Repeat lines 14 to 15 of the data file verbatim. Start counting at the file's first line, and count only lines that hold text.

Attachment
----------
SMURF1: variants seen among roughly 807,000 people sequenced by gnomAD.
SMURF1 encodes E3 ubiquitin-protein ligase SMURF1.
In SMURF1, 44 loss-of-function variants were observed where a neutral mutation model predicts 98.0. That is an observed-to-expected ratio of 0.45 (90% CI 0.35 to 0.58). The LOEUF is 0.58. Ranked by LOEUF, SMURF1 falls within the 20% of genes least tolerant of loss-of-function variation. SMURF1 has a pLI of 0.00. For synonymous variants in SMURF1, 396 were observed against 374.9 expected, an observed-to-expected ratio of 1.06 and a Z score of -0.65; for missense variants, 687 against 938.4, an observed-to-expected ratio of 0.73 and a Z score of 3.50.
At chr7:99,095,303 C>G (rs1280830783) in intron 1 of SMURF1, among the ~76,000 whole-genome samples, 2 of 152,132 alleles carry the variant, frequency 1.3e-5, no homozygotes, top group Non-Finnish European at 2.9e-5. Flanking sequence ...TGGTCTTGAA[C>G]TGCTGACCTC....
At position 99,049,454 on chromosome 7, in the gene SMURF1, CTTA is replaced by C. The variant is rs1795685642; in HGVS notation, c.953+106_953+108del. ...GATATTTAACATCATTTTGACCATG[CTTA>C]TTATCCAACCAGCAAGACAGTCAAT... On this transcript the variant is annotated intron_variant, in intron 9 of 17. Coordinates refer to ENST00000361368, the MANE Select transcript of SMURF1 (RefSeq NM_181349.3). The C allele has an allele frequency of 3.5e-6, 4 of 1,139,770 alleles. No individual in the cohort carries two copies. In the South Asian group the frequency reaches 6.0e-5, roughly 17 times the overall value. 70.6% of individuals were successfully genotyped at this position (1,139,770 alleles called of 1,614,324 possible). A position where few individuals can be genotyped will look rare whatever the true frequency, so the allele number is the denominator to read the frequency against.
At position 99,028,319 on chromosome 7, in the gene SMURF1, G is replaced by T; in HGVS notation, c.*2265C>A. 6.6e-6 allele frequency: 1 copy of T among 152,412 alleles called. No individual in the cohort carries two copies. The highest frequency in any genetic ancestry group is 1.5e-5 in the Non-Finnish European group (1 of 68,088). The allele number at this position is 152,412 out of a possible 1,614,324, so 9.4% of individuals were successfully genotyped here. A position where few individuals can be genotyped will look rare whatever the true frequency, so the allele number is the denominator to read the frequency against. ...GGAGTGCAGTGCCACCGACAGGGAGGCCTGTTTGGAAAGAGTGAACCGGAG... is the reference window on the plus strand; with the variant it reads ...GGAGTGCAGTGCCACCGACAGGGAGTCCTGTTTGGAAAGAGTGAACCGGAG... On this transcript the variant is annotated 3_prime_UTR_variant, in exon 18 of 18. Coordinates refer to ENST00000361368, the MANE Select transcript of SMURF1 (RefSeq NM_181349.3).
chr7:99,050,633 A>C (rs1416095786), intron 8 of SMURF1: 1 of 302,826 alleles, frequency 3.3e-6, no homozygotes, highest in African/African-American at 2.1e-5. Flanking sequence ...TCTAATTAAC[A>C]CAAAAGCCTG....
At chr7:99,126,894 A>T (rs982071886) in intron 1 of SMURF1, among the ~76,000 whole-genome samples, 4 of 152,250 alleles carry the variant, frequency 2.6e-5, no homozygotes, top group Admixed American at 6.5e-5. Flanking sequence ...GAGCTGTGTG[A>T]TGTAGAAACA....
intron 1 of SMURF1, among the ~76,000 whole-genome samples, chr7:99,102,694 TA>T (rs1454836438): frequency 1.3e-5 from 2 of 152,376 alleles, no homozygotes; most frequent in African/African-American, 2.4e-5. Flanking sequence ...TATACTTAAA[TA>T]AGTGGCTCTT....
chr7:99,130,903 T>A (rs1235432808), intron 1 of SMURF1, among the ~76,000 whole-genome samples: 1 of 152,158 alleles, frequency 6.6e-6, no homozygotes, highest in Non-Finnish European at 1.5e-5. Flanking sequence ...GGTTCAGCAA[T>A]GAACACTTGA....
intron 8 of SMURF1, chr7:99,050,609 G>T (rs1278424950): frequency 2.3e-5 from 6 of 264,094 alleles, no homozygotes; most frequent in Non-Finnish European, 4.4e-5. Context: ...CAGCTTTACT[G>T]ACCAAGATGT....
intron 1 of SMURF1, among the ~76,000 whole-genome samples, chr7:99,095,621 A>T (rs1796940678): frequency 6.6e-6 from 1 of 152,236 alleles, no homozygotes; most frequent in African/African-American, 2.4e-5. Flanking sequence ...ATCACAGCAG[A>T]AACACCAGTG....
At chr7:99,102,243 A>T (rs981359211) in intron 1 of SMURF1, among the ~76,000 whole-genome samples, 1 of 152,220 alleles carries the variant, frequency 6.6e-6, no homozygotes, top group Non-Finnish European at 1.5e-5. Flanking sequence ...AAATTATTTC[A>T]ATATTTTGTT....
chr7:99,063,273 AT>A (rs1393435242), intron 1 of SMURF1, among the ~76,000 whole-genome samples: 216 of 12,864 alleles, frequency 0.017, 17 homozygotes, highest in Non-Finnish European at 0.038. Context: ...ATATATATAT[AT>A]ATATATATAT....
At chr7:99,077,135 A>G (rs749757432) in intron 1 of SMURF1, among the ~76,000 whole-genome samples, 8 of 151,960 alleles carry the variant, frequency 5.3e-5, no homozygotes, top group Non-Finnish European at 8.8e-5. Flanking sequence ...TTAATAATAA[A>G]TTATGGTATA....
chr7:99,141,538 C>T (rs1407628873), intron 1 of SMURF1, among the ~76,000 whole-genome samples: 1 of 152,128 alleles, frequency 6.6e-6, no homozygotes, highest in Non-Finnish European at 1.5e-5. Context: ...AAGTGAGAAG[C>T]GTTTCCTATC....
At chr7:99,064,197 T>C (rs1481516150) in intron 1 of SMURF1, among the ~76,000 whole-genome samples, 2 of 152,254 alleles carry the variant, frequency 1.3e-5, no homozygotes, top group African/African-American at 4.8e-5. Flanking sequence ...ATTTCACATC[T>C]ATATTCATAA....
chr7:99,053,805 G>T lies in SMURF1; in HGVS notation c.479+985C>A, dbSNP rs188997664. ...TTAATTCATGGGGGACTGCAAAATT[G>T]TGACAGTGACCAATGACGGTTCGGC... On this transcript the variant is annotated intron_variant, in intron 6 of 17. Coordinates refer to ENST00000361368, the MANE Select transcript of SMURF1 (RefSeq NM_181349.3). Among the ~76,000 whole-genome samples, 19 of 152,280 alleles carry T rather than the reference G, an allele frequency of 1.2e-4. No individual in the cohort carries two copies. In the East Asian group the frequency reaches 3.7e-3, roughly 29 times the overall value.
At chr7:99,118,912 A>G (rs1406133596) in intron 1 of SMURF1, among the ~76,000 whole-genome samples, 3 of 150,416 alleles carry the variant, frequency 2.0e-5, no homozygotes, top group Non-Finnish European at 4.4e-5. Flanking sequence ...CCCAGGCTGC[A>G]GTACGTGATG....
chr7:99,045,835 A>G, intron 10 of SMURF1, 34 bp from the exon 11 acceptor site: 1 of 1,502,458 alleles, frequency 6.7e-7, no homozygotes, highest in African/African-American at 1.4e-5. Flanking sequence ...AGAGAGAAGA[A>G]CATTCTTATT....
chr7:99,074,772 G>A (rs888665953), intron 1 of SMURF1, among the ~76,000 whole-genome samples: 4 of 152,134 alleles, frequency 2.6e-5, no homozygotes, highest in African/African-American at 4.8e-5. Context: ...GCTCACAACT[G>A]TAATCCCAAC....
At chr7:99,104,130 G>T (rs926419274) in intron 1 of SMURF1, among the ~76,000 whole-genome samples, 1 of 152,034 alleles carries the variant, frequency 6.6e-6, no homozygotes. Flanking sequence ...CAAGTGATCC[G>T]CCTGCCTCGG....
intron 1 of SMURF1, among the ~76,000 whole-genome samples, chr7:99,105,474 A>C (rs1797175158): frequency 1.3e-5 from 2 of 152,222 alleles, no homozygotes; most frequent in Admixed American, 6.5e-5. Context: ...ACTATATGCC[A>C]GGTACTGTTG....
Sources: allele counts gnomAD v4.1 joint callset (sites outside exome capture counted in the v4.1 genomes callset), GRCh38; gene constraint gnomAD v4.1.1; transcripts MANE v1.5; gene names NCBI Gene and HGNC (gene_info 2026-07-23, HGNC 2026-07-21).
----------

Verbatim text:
chr7:99,063,273 AT>A (rs1393435242), intron 1 of SMURF1, among the ~76,000 whole-genome samples: 216 of 12,864 alleles, frequency 0.017, 17 homozygotes, highest in Non-Finnish European at 0.038. Context: ...ATATATATAT[AT>A]ATATATATAT....
At chr7:99,077,135 A>G (rs749757432) in intron 1 of SMURF1, among the ~76,000 whole-genome samples, 8 of 151,960 alleles carry the variant, frequency 5.3e-5, no homozygotes, top group Non-Finnish European at 8.8e-5. Flanking sequence ...TTAATAATAA[A>G]TTATGGTATA....